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Results: 1 to 10 of 43

Publication Record


Insulin exits skeletal muscle capillaries by fluid-phase transport.
Williams IM, Valenzuela FA, Kahl SD, Ramkrishna D, Mezo AR, Young JD, Wells KS, Wasserman DH
(2018) J Clin Invest 128: 699-714
MeSH Terms: Animals, Antigens, CD, Biological Transport, Capillaries, Diabetes Mellitus, Glucose, Glucose Clamp Technique, Humans, Hyperinsulinism, Image Processing, Computer-Assisted, Insulin, Intravital Microscopy, Kinetics, Male, Mice, Mice, Inbred C57BL, Models, Theoretical, Muscle, Skeletal, Protein Binding, Receptor, Insulin, Rhodamines
Show Abstract · Added March 14, 2018
Before insulin can stimulate myocytes to take up glucose, it must first move from the circulation to the interstitial space. The continuous endothelium of skeletal muscle (SkM) capillaries restricts insulin's access to myocytes. The mechanism by which insulin crosses this continuous endothelium is critical to understand insulin action and insulin resistance; however, methodological obstacles have limited understanding of endothelial insulin transport in vivo. Here, we present an intravital microscopy technique to measure the rate of insulin efflux across the endothelium of SkM capillaries. This method involves development of a fully bioactive, fluorescent insulin probe, a gastrocnemius preparation for intravital microscopy, an automated vascular segmentation algorithm, and the use of mathematical models to estimate endothelial transport parameters. We combined direct visualization of insulin efflux from SkM capillaries with modeling of insulin efflux kinetics to identify fluid-phase transport as the major mode of transendothelial insulin efflux in mice. Model-independent experiments demonstrating that insulin movement is neither saturable nor affected by insulin receptor antagonism supported this result. Our finding that insulin enters the SkM interstitium by fluid-phase transport may have implications in the pathophysiology of SkM insulin resistance as well as in the treatment of diabetes with various insulin analogs.
1 Communities
1 Members
0 Resources
21 MeSH Terms
The Spectrum of Histologic Findings in Hepatic Outflow Obstruction.
Gonzalez RS, Gilger MA, Huh WJ, Washington MK
(2017) Arch Pathol Lab Med 141: 98-103
MeSH Terms: Adolescent, Adult, Aged, Budd-Chiari Syndrome, Capillaries, Child, Child, Preschool, Diagnosis, Differential, Female, Fibrosis, Heart Failure, Hepatic Veno-Occlusive Disease, Humans, Infant, Liver, Liver Diseases, Male, Middle Aged, Young Adult
Show Abstract · Added March 14, 2018
CONTEXT - -Cardiac hepatopathy and Budd-Chiari syndrome are 2 forms of hepatic venous outflow obstruction with different pathophysiology but overlapping histologic findings, including sinusoidal dilation and centrilobular necrosis.
OBJECTIVE - -To determine whether a constellation of morphologic findings could help distinguish between the 2 and could suggest the diagnoses in previously undiagnosed patients.
DESIGN - -We identified 26 specimens with a diagnosis of cardiac hepatopathy and 23 with a diagnosis of Budd-Chiari syndrome. Slides stained with hematoxylin and eosin and with trichrome were evaluated for several distinctive histologic findings.
RESULTS - -Features common to both forms of hepatic outflow obstruction included sinusoidal dilation and portal tract changes of fibrosis, chronic inflammation, and bile ductular reaction. Histologic findings significantly more common in cardiac hepatopathy included pericellular/sinusoidal fibrosis and fibrosis around the central vein. Only centrilobular hepatocyte dropout/necrosis was significantly more common in Budd-Chiari, regardless of duration.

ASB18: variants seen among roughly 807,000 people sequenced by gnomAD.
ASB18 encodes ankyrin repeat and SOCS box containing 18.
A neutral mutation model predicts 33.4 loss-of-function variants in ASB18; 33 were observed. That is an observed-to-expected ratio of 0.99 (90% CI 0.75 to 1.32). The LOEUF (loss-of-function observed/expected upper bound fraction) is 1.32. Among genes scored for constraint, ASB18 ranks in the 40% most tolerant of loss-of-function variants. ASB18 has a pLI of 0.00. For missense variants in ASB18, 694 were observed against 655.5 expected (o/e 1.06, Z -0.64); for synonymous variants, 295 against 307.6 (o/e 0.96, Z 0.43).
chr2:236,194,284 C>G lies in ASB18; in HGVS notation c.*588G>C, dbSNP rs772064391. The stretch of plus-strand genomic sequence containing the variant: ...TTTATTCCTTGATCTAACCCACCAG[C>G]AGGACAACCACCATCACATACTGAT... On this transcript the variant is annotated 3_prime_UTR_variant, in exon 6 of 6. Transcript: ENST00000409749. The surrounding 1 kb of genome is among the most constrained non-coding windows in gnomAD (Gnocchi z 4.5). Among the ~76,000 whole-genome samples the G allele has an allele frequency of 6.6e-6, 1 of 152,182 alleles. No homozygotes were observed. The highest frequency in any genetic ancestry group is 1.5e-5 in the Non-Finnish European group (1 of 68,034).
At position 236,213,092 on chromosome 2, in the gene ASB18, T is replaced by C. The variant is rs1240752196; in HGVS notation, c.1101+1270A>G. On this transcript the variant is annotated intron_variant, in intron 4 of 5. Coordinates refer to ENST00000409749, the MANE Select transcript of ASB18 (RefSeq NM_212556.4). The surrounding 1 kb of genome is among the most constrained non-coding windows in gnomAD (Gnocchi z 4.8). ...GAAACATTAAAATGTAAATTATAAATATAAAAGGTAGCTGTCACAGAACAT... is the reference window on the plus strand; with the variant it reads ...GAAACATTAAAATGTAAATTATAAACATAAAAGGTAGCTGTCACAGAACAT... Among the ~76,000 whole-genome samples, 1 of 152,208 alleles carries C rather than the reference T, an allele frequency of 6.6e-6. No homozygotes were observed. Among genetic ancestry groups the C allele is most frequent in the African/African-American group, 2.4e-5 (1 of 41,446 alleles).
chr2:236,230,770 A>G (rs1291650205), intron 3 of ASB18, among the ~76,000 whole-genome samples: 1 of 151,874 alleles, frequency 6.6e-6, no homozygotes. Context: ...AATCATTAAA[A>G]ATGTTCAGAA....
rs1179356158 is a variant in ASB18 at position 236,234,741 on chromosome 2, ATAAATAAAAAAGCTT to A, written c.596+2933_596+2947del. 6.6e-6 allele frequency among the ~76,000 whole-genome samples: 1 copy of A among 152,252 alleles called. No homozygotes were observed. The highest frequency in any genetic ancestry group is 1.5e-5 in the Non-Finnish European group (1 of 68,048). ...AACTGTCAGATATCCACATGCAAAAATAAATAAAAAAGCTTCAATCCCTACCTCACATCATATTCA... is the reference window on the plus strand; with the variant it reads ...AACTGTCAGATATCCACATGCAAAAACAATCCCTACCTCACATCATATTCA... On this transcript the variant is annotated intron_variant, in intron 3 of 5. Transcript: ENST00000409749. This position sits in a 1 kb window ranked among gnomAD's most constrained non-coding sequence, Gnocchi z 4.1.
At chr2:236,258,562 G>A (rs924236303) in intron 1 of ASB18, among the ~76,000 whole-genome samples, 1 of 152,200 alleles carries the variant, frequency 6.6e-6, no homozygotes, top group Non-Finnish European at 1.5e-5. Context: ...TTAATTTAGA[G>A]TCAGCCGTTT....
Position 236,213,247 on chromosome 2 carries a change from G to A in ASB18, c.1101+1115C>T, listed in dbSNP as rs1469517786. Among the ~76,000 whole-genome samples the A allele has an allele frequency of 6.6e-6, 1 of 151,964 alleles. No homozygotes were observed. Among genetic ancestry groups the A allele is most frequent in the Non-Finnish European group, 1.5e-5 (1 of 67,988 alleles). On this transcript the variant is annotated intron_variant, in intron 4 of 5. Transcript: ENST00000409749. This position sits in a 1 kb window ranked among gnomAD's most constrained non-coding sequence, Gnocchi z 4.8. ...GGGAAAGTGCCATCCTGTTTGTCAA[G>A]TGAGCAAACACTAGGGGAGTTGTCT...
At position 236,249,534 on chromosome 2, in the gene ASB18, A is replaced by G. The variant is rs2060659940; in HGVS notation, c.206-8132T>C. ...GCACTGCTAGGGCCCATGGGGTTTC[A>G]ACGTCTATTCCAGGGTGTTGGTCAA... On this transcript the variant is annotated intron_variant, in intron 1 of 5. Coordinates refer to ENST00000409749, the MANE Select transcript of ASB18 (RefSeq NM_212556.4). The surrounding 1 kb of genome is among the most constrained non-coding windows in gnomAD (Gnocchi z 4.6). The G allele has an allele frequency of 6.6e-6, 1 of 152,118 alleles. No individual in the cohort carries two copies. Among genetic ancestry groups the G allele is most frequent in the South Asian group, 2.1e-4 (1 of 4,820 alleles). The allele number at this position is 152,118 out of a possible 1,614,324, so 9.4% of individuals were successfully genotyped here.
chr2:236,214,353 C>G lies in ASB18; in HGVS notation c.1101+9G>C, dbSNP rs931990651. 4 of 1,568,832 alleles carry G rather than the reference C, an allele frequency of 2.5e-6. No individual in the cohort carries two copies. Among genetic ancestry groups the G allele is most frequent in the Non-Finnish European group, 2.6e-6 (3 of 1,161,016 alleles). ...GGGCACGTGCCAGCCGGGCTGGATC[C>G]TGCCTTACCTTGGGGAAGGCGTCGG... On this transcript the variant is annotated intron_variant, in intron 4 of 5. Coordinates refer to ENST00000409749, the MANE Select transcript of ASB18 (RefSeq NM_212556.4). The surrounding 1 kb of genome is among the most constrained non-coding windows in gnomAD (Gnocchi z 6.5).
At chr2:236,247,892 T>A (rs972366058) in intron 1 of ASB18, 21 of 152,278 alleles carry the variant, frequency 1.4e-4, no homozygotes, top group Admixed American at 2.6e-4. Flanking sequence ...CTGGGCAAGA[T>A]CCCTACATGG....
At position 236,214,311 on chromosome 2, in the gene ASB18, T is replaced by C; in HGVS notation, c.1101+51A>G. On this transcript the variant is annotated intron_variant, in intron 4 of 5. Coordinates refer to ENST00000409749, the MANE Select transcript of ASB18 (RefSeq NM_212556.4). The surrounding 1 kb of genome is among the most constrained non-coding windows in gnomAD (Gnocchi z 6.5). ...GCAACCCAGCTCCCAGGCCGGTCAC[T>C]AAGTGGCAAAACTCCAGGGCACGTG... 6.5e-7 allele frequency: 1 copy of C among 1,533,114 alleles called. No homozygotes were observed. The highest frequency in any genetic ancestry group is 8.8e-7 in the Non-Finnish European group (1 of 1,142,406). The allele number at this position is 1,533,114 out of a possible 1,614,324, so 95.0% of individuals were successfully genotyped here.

CONCLUSIONS - -The finding of pericellular/sinusoidal fibrosis in cardiac hepatopathy compared with Budd-Chiari is not unexpected, given the chronic nature of most cardiac hepatopathy. Portal tract changes are common in both forms of hepatic outflow obstruction and should not deter one from making the diagnosis of hepatic outflow obstruction. Fibrosis along sinusoids and around the central vein may be suggestive of cardiac hepatopathy in biopsies from patients without a prior diagnosis.
0 Communities
1 Members
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19 MeSH Terms
Vasodilator-responsive idiopathic pulmonary arterial hypertension: evidence for a new disease?
Brittain EL, Hemnes AR
(2015) Ann Intern Med 162: 148-9
MeSH Terms: Capillaries, Familial Primary Pulmonary Hypertension, Female, Humans, Male, Microcirculation, Vasodilator Agents
Added February 10, 2015
0 Communities
1 Members
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7 MeSH Terms
Shear stress is normalized in glomerular capillaries following ⅚ nephrectomy.
Ferrell N, Sandoval RM, Bian A, Campos-Bilderback SB, Molitoris BA, Fissell WH
(2015) Am J Physiol Renal Physiol 308: F588-93
MeSH Terms: Animals, Blood Pressure, Capillaries, Hematocrit, Hemorheology, Kidney Glomerulus, Male, Nephrectomy, Rats, Wistar, Renal Circulation, Renal Insufficiency, Stress, Mechanical
Show Abstract · Added February 22, 2016
Loss of significant functional renal mass results in compensatory structural and hemodynamic adaptations in the nephron. While these changes have been characterized in several injury models, how they affect hemodynamic forces at the glomerular capillary wall has not been adequately characterized, despite their potential physiological significance. Therefore, we used intravital multiphoton microscopy to measure the velocity of red blood cells in individual glomerular capillaries of normal rats and rats subjected to ⅚ nephrectomy. Glomerular capillary blood flow rate and wall shear stress were then estimated using previously established experimental and mathematical models to account for changes in hematocrit and blood rheology in small vessels. We found little change in the hemodynamic parameters in glomerular capillaries immediately following injury. At 2 wk postnephrectomy, significant changes in individual capillary blood flow velocity and volume flow rate were present. Despite these changes, estimated capillary wall shear stress was unchanged. This was a result of an increase in capillary diameter and changes in capillary blood rheology in nephrectomized rats.
0 Communities
1 Members